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Classroom Observation: Children with IEP Report

Classroom Description and Observation Focus

The observed self-contained class consists of 9 students, 6 boys and 3 girls, mixed with grades kindergarten through the second grade. All the students are taught based on the IEP (Individualized Educational Program). The ground for the IEP is learning disability (nonverbal learning disorder).

Two students, a boy and a girl, also have hearing disability (hearing impairment). The learning process is conducted by one special ed (certified) teacher, and one instructional assistant. The hearing device (telex) is used by students with the hearing disability.

The object of my observation was the learning process, the interpersonal relations and communication within the classroom, and the daily routines. The aim of my observation was to analyze what challenges the students’ special needs create for their learning, and how the learning process is adapted to them.

How is space arranged in this classroom?

The classroom is large, and students have enough space to move comfortably. There is a special space where the children can have rest and play between the lessons. The students sit at the large group table situated close to the whiteboard.

The students who have hearing impairments sit closer to a speaker’s place. During the lesson, the teacher works near the whiteboard and sometimes joins the students. The instructional assistant sits together with the students with the hearing disability.

How is space arranged in the yard?

The school has a well-equipped play yard where children spend time after lunch. The students are allowed attending the yard with their Instructional Assistant only.

Is the classroom safe and healthy?

The classroom seems to be safe. It is a bit dark due to its location, but the light is turned on when necessary. The furniture is well-arrange and gives the students an opportunity to actively move in the classroom. Students have their own bathrooms located inside their classroom.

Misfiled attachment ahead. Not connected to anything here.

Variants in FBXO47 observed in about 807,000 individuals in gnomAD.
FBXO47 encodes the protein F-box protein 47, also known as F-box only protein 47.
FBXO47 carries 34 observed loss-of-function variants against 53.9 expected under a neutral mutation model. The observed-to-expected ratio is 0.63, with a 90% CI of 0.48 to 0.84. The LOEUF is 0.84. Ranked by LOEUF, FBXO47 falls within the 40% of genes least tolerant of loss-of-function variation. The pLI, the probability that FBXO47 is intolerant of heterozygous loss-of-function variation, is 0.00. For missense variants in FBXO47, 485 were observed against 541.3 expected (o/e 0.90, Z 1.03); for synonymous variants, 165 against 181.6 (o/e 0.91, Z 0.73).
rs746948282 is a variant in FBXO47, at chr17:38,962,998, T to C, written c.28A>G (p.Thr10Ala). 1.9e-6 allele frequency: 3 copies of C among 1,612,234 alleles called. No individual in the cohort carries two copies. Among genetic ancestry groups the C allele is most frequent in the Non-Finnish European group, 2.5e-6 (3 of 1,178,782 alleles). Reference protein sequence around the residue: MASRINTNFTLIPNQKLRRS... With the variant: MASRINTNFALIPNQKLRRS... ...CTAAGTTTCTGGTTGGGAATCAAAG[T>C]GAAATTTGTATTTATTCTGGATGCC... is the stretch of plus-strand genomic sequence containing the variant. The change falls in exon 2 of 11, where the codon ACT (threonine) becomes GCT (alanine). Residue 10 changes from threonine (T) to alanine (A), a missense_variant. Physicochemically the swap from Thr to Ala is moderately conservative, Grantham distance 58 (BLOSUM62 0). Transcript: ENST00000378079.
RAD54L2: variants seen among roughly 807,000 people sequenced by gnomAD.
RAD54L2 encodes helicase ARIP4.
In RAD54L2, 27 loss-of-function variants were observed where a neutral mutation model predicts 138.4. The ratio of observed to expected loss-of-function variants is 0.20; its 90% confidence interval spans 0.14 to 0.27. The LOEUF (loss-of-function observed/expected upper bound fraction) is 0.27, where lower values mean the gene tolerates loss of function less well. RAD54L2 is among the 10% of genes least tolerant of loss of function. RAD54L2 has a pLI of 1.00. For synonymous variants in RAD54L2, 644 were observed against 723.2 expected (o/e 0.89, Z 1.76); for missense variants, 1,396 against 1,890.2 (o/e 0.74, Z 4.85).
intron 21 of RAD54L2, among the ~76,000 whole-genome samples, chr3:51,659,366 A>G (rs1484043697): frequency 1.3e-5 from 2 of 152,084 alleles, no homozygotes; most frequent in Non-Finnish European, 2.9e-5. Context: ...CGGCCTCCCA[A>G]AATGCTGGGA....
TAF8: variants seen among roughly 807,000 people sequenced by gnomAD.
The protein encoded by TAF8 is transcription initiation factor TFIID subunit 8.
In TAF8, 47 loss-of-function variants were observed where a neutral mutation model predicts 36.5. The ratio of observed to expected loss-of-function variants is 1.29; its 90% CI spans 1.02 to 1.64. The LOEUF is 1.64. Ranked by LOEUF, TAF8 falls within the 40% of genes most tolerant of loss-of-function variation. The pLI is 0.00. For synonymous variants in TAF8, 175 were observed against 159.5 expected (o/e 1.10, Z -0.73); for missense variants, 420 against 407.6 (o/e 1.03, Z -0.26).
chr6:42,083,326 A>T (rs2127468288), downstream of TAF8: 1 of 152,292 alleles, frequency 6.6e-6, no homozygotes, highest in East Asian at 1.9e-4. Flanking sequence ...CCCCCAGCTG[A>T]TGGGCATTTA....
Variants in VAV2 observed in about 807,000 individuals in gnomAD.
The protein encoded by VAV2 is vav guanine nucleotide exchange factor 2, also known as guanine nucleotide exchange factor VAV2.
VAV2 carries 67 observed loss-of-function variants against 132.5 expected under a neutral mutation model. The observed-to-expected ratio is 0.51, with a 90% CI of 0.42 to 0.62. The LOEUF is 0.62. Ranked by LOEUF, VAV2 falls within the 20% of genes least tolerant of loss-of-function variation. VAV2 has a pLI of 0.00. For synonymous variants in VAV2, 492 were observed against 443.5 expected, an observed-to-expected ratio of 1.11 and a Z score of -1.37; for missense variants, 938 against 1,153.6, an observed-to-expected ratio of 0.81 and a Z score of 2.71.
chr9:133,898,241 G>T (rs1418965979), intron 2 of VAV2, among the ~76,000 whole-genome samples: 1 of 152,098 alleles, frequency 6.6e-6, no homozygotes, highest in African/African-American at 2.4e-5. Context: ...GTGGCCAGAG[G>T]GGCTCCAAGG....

What kind of materials are available to the children to encourage learning?

The classroom is equipped with a whiteboard and a projector. The teacher actively uses the classroom space to encourage the students’ interest in learning and creative work. The walls are covered with the thematic boards where students are expected to share information and demonstrate their works.

There are the Social Studies board and the Science board. The students are weekly assigned to prepare interesting information relevant to the lesson topics: a table or a scheme, a drawing etc. There is a wordwall and a set of educational games in the classroom.

What kinds of classroom routines do you notice?

The classroom routine is not noticeable. Between the lessons, a class leader assigned weekly is expected to observe the order in the classroom and the students’ discipline. The boy who had the responsibility of a class leader during my observation was not able to cope with his task.

During the lessons, the discipline is quite difficult to maintain. Due to the students’ learning disorder, the teacher is often interrupted by the children who do not stay focused or are just annoyed by their inability to understand a speaker. Sometimes a student leaves his/her place, and the teacher has to ask him/her to take his/her seat.

How is the day scheduled?

The students arrive at 8:20-8:25, and the lessons begin at 8:30. The day schedule is posted on the wall. The students had the following lessons: Reading/Language Arts, Science, Social Studies; the lunch/recess was at 10:45/11:30 pm. Then, the children had Math and Health.

Who talks to children? How and when?

Due to nonverbal learning difficulty, students experience difficulties in communicating with the teacher and with each other. The teacher offers the teamwork tasks cautiously, as cooperation seems challenging for them.

Between the lessons, it seemed that the students communicated within settled groups: they preferred to talk to one or two friends and avoided communication with the rest of the class. Two students with the hearing impairment mostly talk to each other.

Despite communication difficulties, it is noticeable that the students have communication needs and are glad when the teacher initiates a conversation. During my observation, the teacher talked to the students between the lessons, and the students seemed to enjoy the conversation.

What levels of play are different children engaged in?

During the lessons, the teacher actively uses games to present the new material and improve the students’ skills. On the one hand, this impacts the discipline in the classroom, and the teacher often has to raise the voice.

On the other hand, a game helps to draw and keep the students’ attention. The teacher uses the “teacher vs students”, “teacher vs a student”, “a student vs a student” formats and avoids offering the “students vs students” games.

Between the lessons, the students play in small groups. They are offered the educational games but they prefer to develop games on their own.